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Question: New Macbook pro retina with 21 battery cycles????

Hi people,


Today my Macbook Pro Retina (late 2013) 15 inch 2.3 Ghz I7, 16 gig ram, 750m was delivered by UPS. I arranged an upgrade with Apple because of a faulty maxed out Macbook Air (2013). After opening the box of the Macbook Pro showed a missing screw of the backplate at the left top corner??? I am planning to go to the Genius bar for a new screw. But there is more...


The thing is when I opened system preferences and I looked at the battery health I saw that it already has 21 cycles????!!!!


Is this normal?


Do I need to calibrate the battery first or what? My previous Macbook Air came in with 0 cycles.


Any help is much appreciated. Thanks!

MacBook Pro with Retina display, OS X Mavericks (10.9.2)

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Feb 25, 2014 3:06 PM in response to sharky114 In response to sharky114

All batteries undergo a few cycles from empty to full charge to catch infant mortality failures. I don't see why you couldn't ask Apple for a zero cycle battery but since we are all just users we cannot actually make any promises-- just suggestions.

Feb 25, 2014 3:06 PM

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Feb 26, 2014 6:36 AM in response to OGELTHORPE In response to OGELTHORPE

Thanks guys,


Think I'm gonna bring it back to the store. 21 cycles is a bit to much if you ask me. First I thought that I got a refurbished unit because of the missing screw and the batterycyles, but the package is with the pictures and it smells brand new 🙂

Feb 26, 2014 6:36 AM

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Mar 2, 2014 2:41 PM in response to sharky114 In response to sharky114

you do NOT calibrate batteries on new type macbooks


There is no calibration of current Apple portable Macbooks with built-in batteries.

http://support.apple.com/kb/ht1490


There is no battery calibration with current Apple portable Macbooks with built-in batteries. Lithium batteries have essentially a 0-‘memory’, and all such calibration involve the estimations fed to the system controller on the SOC (state of charge) of the battery over long periods of time as the battery degrades. The software based battery controller knows the battery's characteristics, or SOC and adjusts itself. This is why there is both no need and purpose to periodically deeply drain your macbook battery, since it doesn’t affect the characteristics of the battery, and further still deep discharges are something you should not do on purpose to any lithium battery.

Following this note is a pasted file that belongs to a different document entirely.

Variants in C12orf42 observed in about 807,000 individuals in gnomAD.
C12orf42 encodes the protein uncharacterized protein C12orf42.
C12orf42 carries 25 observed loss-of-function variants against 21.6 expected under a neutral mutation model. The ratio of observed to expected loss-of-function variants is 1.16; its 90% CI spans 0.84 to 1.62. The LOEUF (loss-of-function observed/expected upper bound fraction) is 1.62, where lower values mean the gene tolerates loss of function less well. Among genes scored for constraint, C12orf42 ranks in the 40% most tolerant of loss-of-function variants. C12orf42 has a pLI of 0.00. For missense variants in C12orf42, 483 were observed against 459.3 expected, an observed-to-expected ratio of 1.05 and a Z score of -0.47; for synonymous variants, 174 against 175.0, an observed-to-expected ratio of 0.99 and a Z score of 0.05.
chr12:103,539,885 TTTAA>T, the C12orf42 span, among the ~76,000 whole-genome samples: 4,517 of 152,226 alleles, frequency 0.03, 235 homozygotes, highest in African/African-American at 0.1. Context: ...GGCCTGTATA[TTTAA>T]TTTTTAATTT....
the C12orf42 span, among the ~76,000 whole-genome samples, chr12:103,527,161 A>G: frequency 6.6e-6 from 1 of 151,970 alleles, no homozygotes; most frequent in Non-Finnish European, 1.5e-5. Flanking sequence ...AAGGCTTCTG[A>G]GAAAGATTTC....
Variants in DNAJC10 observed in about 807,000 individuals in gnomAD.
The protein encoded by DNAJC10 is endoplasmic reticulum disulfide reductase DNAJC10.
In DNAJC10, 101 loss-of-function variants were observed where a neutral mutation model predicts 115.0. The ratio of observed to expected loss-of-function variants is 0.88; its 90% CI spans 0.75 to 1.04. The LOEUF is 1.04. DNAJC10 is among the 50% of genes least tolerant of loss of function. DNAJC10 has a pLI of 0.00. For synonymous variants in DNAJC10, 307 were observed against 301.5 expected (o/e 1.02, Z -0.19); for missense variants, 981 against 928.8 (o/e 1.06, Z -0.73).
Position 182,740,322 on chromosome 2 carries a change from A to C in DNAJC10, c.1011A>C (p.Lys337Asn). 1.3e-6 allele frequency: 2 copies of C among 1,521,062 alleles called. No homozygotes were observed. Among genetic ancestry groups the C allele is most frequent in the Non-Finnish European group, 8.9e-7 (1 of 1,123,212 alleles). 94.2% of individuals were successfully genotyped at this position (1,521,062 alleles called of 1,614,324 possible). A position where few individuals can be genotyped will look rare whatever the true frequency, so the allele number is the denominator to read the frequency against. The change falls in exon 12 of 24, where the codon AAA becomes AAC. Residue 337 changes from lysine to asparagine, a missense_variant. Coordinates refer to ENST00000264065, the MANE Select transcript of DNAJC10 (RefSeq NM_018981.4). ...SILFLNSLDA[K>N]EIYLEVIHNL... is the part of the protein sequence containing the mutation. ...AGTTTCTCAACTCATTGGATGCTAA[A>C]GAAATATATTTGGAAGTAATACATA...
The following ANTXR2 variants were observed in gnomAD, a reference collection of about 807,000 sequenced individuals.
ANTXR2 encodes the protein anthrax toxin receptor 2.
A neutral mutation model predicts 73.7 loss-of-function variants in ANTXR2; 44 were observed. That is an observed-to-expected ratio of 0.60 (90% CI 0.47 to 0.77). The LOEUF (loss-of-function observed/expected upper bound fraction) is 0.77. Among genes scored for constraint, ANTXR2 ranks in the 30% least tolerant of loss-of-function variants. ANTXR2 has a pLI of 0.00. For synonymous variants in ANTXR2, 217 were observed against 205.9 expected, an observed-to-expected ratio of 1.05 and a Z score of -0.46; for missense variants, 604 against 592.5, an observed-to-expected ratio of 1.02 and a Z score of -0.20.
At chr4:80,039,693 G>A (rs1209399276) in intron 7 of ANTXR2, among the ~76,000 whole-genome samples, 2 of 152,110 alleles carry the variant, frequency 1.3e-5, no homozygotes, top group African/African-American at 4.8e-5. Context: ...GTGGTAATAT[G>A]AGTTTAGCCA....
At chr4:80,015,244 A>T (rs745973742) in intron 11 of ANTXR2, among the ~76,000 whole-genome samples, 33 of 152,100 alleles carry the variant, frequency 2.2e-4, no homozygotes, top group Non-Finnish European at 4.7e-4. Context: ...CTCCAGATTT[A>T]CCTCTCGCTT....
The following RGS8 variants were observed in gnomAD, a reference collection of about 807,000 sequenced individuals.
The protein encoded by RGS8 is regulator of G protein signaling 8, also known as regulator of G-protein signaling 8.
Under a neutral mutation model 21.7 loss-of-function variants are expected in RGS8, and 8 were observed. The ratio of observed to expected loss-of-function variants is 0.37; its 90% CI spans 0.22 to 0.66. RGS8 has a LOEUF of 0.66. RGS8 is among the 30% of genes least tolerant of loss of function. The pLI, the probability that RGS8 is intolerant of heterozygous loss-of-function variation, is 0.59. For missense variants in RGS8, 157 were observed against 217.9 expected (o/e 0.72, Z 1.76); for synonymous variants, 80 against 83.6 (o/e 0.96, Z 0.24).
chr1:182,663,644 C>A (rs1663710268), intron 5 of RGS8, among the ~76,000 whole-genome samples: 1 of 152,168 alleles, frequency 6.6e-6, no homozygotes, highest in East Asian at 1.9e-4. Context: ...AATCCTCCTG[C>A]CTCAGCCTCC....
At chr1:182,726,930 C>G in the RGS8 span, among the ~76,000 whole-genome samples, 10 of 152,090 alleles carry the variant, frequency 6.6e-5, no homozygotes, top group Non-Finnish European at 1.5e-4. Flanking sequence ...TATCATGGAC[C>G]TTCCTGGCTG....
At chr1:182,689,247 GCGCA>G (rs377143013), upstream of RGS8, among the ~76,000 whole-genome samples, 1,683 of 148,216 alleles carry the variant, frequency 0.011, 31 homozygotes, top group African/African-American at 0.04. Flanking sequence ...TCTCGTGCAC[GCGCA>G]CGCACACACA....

Battery cycles dont even mean anything except in the old age of the battery.



misuse / bad treatment short term is the battery killer, nobody should worry about battery cycles



➕If the massive amount of data that exists on lithium batteries were to be condensed into a simplex, helpful, and memorable bit of information it would be:


1. While realistically a bit impractical during normal everyday use, a lithium battery's longevity and its chemistry's health is most happy swinging back and forth between 20% and 85% charge roughly.


2. Do not purposefully drain your battery very low (10% and less), and do not keep them charged often or always high (100%).


3. Lithium batteries do not like the following:

A: Deep discharges, as meaning roughly 10% or less on a frequent basis.

B: Rapid discharges as referring to energy intensive gaming on battery on a frequent basis (in which case while gaming, if possible, do same on power rather than battery). This is a minor consideration.

C: Constant inflation, as meaning always or most often on charge, and certainly not both in sleep mode and on charge always or often.




A person who has, for example, 300 charge cycles on their battery and is recharging at say 40% remaining of a 100% charge has a better battery condition state than, say, another person who has 300 charge cycles on their battery and is recharging at say 10-15% remaining on a 100% charge. DoD (depth of discharge) is much more important on the wear and tear on your Macbook’s battery than the count of charge cycles. There is no set “mile” or wear from a charge cycle in specific. Frequent high depth of discharge rates (draining the battery very low) on a Lithium battery will hasten the lowering of maximum battery capacity.


All batteries in any device are a consumable meant to be replaced eventually after much time, even under perfect use conditions.

Mar 2, 2014 2:41 PM

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Question: New Macbook pro retina with 21 battery cycles????